It Takes a Village: How Boise, Idaho is Celebrating its Sesquicentennial
The BOISE 150 SESQUI-PARTY on July 7, 2013 commemorated the 150th anniversary of the first platting of Boise. An estimated 16,000-20,000 people attended and were treated to performances at four different staging areas by local musicians, cultural groups, dancers, storytellers, and more.
This year, Boise, the capital city of Idaho, celebrates its 150th anniversary. Explorers and missionaries began arriving in the Boise River's fertile valley in the early 1800s. The U.S. military established Fort Boise on July 4, 1863. By 1867, the town consisted of 140 blocks and its population almost tripled between 1900 and 1910.
Throughout the 20th century and into the 21st, Boise grew in population, economy, and culture. Hewlett-Packard and Micron Technology led the city in technological advancements, while the environment -- the Boise Foothills, River, and surrounding desert -- enjoys preservation. Today, Boise’s creative energy and artistic entrepreneurship continues to move the city forward.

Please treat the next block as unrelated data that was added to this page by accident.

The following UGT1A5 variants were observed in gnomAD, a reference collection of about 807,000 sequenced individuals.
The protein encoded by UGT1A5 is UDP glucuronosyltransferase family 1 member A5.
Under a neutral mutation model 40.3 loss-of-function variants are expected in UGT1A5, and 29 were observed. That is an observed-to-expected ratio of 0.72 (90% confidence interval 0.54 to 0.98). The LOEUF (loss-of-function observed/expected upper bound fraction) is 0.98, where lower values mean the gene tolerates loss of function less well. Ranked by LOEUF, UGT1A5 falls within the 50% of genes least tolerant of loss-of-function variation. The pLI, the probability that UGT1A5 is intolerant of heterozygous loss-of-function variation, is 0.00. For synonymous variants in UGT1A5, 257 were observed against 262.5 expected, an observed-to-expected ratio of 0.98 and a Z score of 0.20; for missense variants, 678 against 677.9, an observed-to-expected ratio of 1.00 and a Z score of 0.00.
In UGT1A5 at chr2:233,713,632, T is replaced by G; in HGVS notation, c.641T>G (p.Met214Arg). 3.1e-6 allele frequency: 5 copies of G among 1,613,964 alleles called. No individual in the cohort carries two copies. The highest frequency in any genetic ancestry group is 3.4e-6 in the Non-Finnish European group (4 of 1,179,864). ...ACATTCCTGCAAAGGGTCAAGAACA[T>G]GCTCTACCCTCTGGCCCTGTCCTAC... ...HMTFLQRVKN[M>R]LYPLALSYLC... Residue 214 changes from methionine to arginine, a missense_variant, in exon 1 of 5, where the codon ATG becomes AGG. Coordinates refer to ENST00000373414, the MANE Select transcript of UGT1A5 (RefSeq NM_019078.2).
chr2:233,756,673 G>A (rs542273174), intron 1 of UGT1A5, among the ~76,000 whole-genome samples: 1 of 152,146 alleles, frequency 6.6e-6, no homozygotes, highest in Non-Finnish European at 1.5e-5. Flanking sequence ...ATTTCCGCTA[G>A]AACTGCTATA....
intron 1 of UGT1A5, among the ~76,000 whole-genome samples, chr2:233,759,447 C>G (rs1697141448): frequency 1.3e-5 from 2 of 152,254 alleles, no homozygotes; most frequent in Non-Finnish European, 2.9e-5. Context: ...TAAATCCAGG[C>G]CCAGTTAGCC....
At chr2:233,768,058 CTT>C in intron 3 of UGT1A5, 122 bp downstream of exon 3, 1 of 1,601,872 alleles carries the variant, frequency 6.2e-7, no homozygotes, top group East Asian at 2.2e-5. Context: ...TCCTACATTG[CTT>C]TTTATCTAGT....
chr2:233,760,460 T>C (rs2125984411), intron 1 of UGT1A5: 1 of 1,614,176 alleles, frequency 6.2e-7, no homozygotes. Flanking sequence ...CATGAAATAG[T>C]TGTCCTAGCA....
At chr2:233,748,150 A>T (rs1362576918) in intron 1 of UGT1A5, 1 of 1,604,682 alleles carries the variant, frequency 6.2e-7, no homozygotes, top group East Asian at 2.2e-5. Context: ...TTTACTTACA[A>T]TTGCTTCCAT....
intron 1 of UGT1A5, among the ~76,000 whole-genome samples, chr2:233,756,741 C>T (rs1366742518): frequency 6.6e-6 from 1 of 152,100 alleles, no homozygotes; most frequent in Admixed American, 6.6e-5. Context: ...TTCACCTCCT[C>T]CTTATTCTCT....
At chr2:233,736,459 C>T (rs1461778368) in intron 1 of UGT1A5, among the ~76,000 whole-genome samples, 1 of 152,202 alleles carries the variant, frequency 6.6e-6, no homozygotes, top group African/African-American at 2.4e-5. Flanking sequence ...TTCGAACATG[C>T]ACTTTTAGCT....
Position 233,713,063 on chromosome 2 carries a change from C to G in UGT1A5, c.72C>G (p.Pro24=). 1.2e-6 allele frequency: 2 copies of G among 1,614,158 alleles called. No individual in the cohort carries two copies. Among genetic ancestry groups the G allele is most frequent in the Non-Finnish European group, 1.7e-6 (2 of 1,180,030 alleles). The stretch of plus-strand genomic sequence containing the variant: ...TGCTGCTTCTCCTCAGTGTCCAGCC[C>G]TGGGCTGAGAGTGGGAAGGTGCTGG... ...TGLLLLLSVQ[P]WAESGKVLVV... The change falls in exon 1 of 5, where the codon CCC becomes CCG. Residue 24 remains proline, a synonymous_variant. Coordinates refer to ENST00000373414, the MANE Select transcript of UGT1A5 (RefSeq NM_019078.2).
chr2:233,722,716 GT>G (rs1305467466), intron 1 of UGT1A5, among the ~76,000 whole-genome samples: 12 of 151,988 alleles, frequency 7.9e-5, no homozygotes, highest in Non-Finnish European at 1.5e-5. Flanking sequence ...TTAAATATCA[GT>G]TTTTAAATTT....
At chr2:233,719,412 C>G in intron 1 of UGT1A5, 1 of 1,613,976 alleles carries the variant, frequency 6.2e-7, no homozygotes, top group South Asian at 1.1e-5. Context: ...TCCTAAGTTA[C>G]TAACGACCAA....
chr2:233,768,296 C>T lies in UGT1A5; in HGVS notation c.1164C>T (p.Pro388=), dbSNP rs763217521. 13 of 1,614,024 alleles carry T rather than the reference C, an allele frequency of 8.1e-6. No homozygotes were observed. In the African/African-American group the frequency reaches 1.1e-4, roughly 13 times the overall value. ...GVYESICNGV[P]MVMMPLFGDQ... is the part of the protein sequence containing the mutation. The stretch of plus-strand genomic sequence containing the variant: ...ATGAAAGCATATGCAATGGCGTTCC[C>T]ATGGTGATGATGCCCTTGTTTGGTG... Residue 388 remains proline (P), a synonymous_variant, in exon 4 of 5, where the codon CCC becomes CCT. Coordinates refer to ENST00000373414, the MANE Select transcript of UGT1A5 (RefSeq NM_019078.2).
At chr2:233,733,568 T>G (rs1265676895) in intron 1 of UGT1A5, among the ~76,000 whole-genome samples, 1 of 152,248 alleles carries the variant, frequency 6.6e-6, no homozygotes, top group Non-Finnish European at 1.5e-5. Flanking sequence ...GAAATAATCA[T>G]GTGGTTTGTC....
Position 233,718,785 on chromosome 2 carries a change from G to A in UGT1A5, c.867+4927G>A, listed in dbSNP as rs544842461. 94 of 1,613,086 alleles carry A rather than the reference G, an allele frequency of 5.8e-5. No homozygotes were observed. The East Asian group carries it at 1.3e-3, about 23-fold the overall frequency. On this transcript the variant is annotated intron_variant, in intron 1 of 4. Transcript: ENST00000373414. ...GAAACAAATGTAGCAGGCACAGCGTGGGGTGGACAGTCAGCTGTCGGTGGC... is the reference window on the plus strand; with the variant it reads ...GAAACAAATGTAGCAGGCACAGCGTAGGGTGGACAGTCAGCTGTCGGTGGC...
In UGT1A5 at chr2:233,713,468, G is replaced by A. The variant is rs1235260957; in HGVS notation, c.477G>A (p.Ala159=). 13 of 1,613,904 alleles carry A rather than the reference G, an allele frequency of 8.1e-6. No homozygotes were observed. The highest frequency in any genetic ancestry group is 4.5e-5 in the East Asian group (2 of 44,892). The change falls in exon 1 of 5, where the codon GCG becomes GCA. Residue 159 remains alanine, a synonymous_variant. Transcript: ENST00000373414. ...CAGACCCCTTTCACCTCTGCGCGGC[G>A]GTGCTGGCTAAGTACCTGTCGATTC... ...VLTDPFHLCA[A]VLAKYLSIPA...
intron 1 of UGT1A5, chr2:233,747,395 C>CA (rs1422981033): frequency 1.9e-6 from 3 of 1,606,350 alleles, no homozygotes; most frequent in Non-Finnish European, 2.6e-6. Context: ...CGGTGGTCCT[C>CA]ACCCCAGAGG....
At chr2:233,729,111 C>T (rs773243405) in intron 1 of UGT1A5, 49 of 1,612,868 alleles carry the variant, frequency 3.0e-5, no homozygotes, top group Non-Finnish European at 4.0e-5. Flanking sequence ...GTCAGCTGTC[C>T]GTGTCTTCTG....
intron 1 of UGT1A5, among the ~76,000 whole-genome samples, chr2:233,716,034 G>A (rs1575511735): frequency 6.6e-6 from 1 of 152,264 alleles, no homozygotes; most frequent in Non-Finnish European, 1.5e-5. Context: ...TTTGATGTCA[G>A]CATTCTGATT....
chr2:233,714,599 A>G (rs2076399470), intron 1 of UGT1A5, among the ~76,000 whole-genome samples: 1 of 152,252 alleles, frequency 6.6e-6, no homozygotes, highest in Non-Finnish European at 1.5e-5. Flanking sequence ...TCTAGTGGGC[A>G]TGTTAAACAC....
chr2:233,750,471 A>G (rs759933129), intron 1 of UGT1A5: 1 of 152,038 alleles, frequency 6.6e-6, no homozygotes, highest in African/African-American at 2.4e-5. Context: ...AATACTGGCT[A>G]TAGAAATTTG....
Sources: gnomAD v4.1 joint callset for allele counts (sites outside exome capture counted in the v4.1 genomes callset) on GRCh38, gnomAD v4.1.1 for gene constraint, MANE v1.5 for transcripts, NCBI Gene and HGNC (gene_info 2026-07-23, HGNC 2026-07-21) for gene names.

The Boise City Department of Arts & History led the effort to commemorate Boise’s 150th anniversary -- or sesquicentennial -- in 2013, which evolved into a wide-scale initiative: BOISE 150. With support from the mayor and city council members, a small but passionate crew comprised of city staff, contractors, volunteers, and grantees developed an array of programs to celebrate Boise’s past, present, and collective future.
Want to see how the whole city is in on the act? Check out the BOISE 150 slideshow after the jump.
Read more about the BOISE 150 events on the Preservation Leadership Forum blog.